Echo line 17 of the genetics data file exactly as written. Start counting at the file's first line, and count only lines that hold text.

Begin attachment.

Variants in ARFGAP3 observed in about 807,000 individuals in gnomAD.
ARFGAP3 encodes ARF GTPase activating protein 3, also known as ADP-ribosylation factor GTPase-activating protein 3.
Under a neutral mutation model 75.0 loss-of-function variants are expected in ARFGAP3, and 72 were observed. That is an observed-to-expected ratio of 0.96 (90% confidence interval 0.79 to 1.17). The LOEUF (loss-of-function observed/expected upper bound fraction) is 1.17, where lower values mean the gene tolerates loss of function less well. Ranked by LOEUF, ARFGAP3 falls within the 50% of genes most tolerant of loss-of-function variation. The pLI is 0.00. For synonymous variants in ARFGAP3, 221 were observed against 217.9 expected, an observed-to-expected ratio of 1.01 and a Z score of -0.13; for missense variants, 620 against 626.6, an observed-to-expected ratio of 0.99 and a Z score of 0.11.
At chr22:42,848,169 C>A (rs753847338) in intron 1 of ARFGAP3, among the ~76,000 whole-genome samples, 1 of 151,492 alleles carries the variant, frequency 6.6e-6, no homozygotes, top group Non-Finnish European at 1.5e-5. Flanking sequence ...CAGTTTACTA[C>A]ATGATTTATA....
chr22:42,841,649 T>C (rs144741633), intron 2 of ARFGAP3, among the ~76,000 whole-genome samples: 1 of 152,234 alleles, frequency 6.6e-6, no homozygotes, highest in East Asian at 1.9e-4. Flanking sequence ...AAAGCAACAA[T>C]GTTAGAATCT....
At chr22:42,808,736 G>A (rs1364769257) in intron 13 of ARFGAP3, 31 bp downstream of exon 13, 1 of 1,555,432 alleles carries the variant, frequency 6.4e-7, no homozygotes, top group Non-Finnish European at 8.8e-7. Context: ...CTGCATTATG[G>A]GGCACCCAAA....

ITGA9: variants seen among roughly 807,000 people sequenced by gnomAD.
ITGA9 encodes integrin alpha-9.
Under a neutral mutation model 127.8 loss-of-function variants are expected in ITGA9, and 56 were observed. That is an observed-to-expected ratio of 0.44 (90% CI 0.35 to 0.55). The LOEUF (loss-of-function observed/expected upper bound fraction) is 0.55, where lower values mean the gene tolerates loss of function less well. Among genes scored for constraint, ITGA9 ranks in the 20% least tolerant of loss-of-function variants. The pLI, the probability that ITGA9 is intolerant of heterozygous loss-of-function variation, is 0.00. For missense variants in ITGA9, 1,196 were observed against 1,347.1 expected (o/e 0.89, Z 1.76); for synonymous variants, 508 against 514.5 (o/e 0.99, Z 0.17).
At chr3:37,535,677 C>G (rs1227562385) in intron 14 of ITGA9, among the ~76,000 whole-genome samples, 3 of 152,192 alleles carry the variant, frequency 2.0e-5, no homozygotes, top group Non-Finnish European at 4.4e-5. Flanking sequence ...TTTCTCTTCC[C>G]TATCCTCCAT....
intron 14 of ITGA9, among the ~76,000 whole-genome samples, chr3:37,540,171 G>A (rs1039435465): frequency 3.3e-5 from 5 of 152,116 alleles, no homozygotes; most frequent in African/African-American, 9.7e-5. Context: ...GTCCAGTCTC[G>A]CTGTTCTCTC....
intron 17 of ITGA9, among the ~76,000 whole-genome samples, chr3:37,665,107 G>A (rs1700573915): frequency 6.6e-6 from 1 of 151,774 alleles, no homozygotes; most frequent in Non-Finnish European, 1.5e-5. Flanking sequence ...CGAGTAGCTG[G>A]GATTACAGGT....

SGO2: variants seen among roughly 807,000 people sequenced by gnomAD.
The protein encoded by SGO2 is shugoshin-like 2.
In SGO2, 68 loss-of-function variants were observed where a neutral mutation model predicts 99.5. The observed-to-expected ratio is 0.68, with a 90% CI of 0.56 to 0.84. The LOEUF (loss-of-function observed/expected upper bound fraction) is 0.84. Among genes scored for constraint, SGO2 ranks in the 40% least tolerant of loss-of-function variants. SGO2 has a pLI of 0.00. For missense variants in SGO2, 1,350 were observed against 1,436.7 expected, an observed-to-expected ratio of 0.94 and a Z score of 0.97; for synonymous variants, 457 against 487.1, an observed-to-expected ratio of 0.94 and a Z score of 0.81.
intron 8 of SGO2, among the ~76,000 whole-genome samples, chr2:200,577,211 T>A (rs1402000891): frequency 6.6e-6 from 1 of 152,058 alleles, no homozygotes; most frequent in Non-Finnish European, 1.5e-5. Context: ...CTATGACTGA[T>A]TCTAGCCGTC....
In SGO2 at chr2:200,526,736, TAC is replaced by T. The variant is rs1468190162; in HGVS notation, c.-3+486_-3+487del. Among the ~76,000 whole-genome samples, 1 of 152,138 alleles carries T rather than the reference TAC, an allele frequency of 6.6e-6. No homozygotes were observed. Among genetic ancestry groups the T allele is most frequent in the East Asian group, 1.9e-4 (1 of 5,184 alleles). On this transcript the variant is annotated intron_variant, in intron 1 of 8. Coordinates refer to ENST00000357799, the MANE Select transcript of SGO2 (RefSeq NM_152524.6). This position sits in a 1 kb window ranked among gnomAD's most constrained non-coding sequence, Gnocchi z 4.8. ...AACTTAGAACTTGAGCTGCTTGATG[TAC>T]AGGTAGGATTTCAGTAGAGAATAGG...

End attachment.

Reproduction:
In SGO2 at chr2:200,526,736, TAC is replaced by T. The variant is rs1468190162; in HGVS notation, c.-3+486_-3+487del. Among the ~76,000 whole-genome samples, 1 of 152,138 alleles carries T rather than the reference TAC, an allele frequency of 6.6e-6. No homozygotes were observed. Among genetic ancestry groups the T allele is most frequent in the East Asian group, 1.9e-4 (1 of 5,184 alleles). On this transcript the variant is annotated intron_variant, in intron 1 of 8. Coordinates refer to ENST00000357799, the MANE Select transcript of SGO2 (RefSeq NM_152524.6). This position sits in a 1 kb window ranked among gnomAD's most constrained non-coding sequence, Gnocchi z 4.8. ...AACTTAGAACTTGAGCTGCTTGATG[TAC>T]AGGTAGGATTTCAGTAGAGAATAGG...